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47775Re: [scrumdevelopment] UX role in Scrum teams

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  • George Dinwiddie
    Jul 28, 2010

      On 7/28/10 3:58 AM, Robin Paterson wrote:
      >> > The PO likes to make an analogy with the auto industry, in the sense
      >> > that there is a product concept, design and prototyping phase of a car
      >> > (in which manufacturing engineers are also involved), before the actual
      >> > manufacturing phase, where engineers will then do most of the work
      >> > figuring out how to build the assembly line for that car. Is this a good
      >> > analogy?
      >> I think it's a great analogy. Your PO is choosing the GM strategy, of
      >> doing lots of up-front design because it takes months to change the
      >> tooling. The alternative is the Toyota strategy, of shaving tooling
      >> changes down to days, from months.
      > Don't follow you here at all.
      > Everyone does lots of up front design on new models. Everyone. It's
      > their brand. The models have to be new and exciting, yet familiar.
      > There's also the inevitable compromise in manufacture. Prototypes are
      > supposed to keep the creative juices flowing before the harsh realities
      > of market forces take hold and all the innovative features of your
      > wonderful prototype are watered down to fit the manufacturing schedules :-)
      > At the risk of sounding condescending (I'm not, I'm just looking for
      > some healthy debate), are you inadvertently clouding this topic with
      > lean ideas? Toyota have some great - and totally obvious (most great
      > ideas /are/ totally obvious when they're pointed out) - ideas on process
      > control (but that doesn't mean they're right in all circumstances). I'd
      > be surprised if GM hadn't adopted some of these ideas (or would I?
      > *!*ouch*!*). Most manufacturers invest significantly in quality control
      > and manufacturing efficiency. When I was a mechanical engineering
      > undergrad (and then post-grad) some years ago, we were taught the same
      > kinds of things, except they weren't called lean. Most large auto
      > manufacturers aren't radically different in operation to each other.
      > [As another interesting (well, I think) point, when reading the lean
      > book (as I'm sure you have), you can see parallels with scrum in that
      > many adopters only did so because they were in crisis.]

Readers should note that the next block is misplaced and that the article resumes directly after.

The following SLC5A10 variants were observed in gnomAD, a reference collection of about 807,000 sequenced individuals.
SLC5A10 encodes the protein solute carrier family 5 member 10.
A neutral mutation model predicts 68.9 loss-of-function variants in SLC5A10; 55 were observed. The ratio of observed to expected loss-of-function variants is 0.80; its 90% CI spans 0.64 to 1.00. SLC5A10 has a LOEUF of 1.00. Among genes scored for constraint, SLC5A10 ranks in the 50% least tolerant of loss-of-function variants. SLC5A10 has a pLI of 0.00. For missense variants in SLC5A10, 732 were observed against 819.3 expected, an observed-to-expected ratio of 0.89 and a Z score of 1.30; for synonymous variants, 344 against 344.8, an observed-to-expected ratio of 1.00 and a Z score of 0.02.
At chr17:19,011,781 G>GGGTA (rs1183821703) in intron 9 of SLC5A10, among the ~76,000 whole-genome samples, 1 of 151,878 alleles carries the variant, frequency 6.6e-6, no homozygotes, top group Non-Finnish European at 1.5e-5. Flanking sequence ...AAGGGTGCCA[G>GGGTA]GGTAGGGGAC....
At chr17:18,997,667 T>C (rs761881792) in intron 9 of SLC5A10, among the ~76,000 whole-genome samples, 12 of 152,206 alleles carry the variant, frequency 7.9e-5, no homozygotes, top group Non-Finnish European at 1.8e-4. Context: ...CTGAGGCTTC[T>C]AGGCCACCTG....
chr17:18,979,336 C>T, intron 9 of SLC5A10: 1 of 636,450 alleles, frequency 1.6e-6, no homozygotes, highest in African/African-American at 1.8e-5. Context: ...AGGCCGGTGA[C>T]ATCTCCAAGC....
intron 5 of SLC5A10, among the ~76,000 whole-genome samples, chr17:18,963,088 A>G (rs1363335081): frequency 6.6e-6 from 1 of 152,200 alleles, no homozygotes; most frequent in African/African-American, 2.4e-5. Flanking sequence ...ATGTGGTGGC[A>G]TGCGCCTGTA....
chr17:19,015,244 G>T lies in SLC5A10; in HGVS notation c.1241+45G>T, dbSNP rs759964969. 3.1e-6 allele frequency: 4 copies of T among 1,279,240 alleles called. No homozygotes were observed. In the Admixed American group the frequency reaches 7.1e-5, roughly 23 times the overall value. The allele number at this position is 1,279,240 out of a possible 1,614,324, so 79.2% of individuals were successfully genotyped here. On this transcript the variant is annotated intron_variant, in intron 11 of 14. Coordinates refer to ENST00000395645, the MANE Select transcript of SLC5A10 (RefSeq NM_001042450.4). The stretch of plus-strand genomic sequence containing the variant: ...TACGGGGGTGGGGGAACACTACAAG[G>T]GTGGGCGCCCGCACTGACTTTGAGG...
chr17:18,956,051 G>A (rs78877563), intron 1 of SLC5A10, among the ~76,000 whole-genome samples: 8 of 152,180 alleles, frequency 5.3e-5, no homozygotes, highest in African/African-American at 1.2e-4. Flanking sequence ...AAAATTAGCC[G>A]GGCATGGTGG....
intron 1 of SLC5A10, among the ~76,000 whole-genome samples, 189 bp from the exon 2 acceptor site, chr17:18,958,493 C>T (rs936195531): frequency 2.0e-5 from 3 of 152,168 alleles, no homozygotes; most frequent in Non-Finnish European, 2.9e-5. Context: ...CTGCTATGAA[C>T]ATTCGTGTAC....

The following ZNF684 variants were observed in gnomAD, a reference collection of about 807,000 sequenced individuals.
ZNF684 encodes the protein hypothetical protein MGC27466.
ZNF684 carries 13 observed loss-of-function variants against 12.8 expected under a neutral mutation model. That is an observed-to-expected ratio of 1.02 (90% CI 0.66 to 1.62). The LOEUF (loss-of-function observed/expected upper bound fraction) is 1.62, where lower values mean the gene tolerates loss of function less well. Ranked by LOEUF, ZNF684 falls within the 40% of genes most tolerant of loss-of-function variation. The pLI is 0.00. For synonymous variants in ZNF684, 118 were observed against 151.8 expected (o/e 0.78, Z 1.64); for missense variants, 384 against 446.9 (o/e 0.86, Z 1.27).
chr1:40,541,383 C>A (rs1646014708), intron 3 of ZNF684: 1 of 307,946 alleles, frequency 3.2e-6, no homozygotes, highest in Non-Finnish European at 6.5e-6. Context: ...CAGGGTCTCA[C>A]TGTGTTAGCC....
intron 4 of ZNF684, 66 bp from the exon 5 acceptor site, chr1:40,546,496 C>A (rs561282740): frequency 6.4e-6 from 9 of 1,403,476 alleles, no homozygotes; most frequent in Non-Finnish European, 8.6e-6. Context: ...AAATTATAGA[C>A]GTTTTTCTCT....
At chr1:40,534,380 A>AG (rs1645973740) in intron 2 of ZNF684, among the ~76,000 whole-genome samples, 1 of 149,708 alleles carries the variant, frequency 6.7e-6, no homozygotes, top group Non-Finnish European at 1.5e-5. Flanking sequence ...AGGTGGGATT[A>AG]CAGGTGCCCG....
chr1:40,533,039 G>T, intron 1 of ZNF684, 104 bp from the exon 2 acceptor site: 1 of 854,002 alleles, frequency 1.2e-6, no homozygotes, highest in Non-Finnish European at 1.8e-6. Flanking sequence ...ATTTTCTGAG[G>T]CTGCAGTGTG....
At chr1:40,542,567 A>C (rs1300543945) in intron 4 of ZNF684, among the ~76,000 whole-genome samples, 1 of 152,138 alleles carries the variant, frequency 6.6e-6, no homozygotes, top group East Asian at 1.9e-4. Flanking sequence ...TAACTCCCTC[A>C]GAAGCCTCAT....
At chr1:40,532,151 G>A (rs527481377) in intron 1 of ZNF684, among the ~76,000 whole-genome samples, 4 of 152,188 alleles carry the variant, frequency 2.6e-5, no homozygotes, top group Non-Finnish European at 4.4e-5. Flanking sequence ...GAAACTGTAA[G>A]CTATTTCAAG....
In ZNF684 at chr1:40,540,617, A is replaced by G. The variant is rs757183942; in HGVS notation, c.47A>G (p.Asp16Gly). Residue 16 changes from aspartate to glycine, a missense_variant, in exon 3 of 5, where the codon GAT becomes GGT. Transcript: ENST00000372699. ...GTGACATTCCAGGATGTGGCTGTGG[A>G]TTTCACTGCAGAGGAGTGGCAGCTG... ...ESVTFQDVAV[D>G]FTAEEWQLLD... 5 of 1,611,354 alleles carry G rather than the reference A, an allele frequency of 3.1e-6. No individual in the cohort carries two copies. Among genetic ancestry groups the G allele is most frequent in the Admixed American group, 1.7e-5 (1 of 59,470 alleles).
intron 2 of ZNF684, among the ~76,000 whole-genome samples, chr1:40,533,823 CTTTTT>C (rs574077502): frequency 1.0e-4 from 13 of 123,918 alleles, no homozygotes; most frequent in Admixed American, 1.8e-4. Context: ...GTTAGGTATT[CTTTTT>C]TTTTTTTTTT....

The ideas behind Lean and the ideas behind Scrum are not so very
      different. Both depend on shortening timelines to incorporate learning
      and enable changing directions.

      I'm in flight right now, so I can't look up the story, but from
      memory... Car manufacturers have to decide how many of which cars to
      produce. GM, and "most large auto manufacturers" spend a lot of effort
      estimating this well in advance. It takes a lot of time to change the
      tooling in their plants, so they want to minimize the changes. Toyota,
      on the other hand, invested in making the tooling quicker and easier to
      change. This has allowed them to react more quickly as the market
      changes. When demand changes, they can switch to producing the vehicles
      that are selling.

      I see analogous behavior in UX designs. When the user interface is
      designed /in detail/ on paper, then often they turn out to be more
      difficult to realize (particularly for all browsers) than expected. The
      designers can't incorporate what the developers learn from trying to
      implement them, and the development costs go up as the development time
      stretches out.

      Whether you call it Scrum, Lean, Agile, or Sploosh, the point is to
      shorten cycles, compare the results with desires, learn and adjust.

      It seems to work much better when the UX design is done to the point
      that the intent and general layout is clear, and the details are done
      "just in time" with the collaboration of the designer and developer. A
      great deal of learning happens. Equivalent, but cheaper, designs are
      found. Degradation on old browsers is handled in the best possible
      manner without side-lining development in producing exact duplicates on
      browsers that don't support the whiz-bang features used to envision the

      - George

      * George Dinwiddie * http://blog.gdinwiddie.com
      Software Development http://www.idiacomputing.com
      Consultant and Coach http://www.agilemaryland.org
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